But there is that cut, since everybody gets a piece of the author’s efforts when a book is sold to a publisher. 15 percent in most cases, making the average first-time author’s $5,000 advance a $4,250 check to deposit. Nobody should quibble over $750 in service to publishing a book. You’d do well to spend that little on an outside professional edit before submitting your work to anybody. Even if you’re publishing it yourself.

There’s another factor in the formula to consider, and that is the sale itself. Agents are paid sales professionals whose primary function is to interest an acquisition editor in your book. What caliber of publishing company, and what treatment your book gets after signing the contract — well, these are benefits whose value varies wildly. The first benefit changes all the time in these days as publishing firms scramble to stay profitable and in business. The second benefit shifts according to who remains in the publisher’s employ. There’s a lot of job shifting going on out there. You can have a good editor and lose her, or get a better replacement who will need to learn your book to be of any help.

Gardner’s most salient point is that a writer who has little interest in participating in the publishing business gets to focus on their creative craft when they employ an agent. Again, it’s true with a caveat: don’t be thinking you’re just going back to the keyboard after the sale for revisions from an editor’s notes, then onward to the next book. Few publishing deals leave the sales effort up to the force entirely. The force may be with you, young writer, but you must practice its ways in any arrangement.

You can get a turnkey deal. A friend of mine is writing a remarkable book under a very nice contract with a publisher well-known for its adept sales force. She’ll do readings, of course, be interviewed and the like. A lot of what she’s earning from the book is either already accomplished — the strength of her work that won the deal — or expected from the publisher.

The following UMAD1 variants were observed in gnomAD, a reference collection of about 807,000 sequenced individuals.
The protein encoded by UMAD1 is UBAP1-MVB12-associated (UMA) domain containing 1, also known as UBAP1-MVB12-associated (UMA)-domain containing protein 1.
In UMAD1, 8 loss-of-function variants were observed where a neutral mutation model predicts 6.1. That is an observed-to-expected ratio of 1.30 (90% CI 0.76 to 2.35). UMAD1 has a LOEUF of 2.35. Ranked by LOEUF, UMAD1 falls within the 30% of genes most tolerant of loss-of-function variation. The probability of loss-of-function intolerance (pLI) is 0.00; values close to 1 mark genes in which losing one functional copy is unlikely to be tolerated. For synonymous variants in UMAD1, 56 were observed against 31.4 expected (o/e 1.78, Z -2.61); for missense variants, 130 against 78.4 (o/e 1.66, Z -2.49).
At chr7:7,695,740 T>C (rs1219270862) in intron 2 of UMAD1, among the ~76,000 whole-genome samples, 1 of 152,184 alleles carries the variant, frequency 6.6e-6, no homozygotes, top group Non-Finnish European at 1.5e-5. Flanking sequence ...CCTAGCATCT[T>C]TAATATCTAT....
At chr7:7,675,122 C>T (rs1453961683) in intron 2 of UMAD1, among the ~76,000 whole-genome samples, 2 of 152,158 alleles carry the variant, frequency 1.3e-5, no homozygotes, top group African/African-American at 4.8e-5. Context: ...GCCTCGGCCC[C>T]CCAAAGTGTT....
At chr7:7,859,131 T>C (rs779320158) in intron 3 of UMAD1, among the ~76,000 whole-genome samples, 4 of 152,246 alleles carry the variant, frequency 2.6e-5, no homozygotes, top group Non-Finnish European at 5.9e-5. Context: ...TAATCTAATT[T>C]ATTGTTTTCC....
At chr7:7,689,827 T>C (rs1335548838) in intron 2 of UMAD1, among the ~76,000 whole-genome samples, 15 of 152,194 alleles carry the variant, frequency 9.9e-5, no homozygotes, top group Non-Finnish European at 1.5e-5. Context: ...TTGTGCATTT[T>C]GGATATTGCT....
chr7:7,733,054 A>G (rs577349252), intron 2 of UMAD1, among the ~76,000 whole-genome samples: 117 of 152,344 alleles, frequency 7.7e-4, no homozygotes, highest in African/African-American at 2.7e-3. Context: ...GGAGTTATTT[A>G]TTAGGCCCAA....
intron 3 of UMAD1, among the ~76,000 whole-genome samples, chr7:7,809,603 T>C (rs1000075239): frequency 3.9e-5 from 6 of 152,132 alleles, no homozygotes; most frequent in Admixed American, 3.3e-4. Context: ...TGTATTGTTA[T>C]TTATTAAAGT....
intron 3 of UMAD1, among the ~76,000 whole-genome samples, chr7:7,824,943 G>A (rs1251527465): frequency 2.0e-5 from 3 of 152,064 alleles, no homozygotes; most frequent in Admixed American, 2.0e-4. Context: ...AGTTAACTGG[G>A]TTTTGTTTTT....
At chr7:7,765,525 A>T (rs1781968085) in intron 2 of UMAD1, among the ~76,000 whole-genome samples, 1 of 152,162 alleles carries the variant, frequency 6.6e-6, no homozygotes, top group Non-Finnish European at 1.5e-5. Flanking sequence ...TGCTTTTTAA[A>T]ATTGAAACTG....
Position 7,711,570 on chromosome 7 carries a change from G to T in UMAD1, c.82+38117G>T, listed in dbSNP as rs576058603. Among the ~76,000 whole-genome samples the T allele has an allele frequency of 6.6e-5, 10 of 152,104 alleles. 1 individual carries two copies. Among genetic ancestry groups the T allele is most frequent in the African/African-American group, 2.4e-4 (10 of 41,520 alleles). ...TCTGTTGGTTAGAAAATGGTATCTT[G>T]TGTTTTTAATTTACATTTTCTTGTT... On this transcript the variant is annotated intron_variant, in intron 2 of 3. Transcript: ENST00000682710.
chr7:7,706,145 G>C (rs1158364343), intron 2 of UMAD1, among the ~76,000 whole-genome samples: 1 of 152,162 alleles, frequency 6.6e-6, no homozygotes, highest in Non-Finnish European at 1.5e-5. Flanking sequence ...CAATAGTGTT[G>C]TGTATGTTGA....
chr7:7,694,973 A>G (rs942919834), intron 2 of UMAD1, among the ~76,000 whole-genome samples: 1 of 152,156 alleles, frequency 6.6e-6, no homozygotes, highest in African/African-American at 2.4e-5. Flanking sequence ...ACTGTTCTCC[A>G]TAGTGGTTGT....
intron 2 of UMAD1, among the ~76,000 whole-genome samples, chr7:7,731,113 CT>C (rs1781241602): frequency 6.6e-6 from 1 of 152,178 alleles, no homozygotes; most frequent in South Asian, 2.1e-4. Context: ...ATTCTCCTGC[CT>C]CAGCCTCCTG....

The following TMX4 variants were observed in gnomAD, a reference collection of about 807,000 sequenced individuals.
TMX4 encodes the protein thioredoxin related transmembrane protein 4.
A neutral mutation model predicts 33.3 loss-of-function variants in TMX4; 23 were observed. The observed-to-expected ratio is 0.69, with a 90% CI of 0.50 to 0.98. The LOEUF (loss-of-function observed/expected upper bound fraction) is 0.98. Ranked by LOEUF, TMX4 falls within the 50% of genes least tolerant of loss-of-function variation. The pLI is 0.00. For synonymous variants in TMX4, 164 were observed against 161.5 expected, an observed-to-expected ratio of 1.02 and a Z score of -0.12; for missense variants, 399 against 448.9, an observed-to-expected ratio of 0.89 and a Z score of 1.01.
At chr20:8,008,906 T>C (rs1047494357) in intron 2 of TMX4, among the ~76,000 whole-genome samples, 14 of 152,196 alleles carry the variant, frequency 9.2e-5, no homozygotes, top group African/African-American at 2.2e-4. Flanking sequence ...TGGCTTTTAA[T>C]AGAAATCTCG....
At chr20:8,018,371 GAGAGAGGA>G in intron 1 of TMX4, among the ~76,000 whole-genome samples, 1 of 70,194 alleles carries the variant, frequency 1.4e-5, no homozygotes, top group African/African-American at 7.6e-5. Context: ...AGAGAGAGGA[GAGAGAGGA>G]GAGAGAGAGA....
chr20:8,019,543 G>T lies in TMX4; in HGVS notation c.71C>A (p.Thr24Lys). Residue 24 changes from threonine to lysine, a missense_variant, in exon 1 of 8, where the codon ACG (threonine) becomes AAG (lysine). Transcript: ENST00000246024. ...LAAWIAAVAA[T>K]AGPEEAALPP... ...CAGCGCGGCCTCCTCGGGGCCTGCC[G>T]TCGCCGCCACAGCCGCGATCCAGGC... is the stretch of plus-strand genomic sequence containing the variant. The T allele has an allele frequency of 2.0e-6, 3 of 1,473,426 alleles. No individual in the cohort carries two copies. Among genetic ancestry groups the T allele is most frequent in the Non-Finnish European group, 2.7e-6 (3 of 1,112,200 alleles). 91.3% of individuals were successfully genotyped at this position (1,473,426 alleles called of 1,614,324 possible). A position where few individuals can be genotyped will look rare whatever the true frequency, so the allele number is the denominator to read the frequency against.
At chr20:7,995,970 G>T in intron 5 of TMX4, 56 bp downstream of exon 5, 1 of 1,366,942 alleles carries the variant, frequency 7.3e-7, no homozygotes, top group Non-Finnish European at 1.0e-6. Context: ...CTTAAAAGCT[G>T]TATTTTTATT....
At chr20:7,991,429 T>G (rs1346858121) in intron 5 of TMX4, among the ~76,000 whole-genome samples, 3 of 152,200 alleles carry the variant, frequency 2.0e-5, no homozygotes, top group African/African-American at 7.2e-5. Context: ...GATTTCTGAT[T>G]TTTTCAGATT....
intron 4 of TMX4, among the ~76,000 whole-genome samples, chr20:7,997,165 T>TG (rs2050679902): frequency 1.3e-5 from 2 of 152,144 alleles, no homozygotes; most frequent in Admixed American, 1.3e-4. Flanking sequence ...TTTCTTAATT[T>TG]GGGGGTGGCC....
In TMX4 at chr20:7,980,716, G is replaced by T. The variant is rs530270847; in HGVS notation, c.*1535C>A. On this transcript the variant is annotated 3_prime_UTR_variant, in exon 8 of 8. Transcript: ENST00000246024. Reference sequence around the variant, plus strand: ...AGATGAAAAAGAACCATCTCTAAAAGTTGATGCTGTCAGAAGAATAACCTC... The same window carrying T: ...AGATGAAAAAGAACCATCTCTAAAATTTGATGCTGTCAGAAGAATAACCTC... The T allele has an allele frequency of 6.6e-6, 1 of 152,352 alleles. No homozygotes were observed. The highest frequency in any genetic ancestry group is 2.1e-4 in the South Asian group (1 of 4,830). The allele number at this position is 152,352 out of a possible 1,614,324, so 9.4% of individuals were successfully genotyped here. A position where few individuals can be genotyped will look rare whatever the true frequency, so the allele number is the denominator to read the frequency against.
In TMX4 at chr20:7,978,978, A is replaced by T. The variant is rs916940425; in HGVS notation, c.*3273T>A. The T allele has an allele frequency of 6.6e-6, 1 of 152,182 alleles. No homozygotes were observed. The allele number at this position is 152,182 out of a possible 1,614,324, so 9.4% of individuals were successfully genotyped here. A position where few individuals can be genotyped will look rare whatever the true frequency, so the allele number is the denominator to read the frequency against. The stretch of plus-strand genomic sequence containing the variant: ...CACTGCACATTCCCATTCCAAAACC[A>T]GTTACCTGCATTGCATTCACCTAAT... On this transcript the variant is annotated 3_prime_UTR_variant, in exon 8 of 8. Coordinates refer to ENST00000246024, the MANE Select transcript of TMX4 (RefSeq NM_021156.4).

Many deals are not as fortunate. We write for many reasons, but an important one is to be paid enough to keep writing, to be an author of several books rather than someone who wrote a book. Most of the time that requires continued effort to promote and interest the world in your stories. A great author Web site, Twitter, and to a lesser degree Facebook, are ways I see writers taking the reins in creating a platform for their voice and their work.

An agent might be able to give advice about this platform work, but you would hope they’re working harder on advice about making your manuscript salable, or finding a buyer for your book. Gardner wants us to believe that every standard publishing contract contains benefits from prior work of other agents — sort of like we’re supposed to believe we’re indebted to Louis Pasteur when we get an H1N1 vaccination. It’s a stretch in science and kind of disingenuous in examining agents’ value.

Agents are performing services today that publishers once did. Editing, for example, in the scope of showing a writer how their story could be better, and so sold sooner and at a better price. Publishers with good editors are getting rare. Even my friend’s book is mostly bereft of a close relationship with an editor. Considering that the fee for a good edit and the agent’s cut of your average advance are similar numbers, the value of being agented seems on par with being edited. A well-written book makes everything richer. Sales specialists spin the threads of your work into the gold of folding cash. But you need to ensure your threads are in their best order to even get a reading from an agent.